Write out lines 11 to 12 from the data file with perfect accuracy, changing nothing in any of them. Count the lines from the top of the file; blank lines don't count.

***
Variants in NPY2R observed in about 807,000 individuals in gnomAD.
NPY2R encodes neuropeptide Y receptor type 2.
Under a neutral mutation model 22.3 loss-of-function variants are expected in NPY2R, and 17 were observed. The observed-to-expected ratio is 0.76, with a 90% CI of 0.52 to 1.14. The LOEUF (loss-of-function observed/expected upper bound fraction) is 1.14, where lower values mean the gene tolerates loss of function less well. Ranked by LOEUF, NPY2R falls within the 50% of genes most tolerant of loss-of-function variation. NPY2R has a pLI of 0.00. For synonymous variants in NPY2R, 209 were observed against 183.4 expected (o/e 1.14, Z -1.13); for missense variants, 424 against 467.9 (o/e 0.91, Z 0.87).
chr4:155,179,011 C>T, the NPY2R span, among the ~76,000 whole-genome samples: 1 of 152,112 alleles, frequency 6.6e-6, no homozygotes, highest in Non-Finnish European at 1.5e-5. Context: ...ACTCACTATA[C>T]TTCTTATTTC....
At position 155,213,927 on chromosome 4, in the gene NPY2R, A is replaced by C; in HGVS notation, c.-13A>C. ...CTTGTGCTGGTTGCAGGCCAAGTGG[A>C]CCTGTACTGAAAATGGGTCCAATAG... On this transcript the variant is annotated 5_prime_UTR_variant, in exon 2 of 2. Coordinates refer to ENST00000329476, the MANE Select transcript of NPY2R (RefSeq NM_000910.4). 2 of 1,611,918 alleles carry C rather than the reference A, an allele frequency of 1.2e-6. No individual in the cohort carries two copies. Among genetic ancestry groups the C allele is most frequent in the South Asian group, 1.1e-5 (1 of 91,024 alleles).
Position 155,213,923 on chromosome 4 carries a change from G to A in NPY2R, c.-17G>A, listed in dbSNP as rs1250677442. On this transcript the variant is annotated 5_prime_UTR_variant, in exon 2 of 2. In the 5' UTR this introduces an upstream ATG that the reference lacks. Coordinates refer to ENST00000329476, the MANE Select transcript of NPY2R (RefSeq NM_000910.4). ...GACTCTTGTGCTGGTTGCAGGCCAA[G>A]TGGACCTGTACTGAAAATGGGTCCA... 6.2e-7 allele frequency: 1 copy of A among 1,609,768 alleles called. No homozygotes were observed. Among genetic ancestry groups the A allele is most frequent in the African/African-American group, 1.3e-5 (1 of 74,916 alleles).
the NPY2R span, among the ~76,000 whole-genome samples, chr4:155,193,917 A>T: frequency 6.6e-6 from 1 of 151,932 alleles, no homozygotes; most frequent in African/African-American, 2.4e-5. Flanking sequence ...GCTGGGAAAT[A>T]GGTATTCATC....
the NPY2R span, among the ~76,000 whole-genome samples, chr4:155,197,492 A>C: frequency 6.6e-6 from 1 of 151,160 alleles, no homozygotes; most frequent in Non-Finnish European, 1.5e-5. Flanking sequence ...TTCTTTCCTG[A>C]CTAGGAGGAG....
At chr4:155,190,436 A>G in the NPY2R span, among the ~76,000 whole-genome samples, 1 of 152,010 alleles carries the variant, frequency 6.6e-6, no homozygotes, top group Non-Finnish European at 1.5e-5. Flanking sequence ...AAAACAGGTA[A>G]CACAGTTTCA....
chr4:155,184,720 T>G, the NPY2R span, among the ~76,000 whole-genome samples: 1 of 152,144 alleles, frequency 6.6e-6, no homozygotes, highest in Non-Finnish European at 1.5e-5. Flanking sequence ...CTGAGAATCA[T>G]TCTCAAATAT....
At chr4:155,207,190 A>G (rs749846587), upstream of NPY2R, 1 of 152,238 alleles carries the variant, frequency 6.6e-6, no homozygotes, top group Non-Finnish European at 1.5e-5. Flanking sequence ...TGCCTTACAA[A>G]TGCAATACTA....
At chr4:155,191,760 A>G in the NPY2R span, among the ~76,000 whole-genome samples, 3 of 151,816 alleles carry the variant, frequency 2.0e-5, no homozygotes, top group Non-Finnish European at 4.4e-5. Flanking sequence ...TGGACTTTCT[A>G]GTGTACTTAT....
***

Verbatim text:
At chr4:155,207,190 A>G (rs749846587), upstream of NPY2R, 1 of 152,238 alleles carries the variant, frequency 6.6e-6, no homozygotes, top group Non-Finnish European at 1.5e-5. Flanking sequence ...TGCCTTACAA[A>G]TGCAATACTA....
At chr4:155,191,760 A>G in the NPY2R span, among the ~76,000 whole-genome samples, 3 of 151,816 alleles carry the variant, frequency 2.0e-5, no homozygotes, top group Non-Finnish European at 4.4e-5. Flanking sequence ...TGGACTTTCT[A>G]GTGTACTTAT....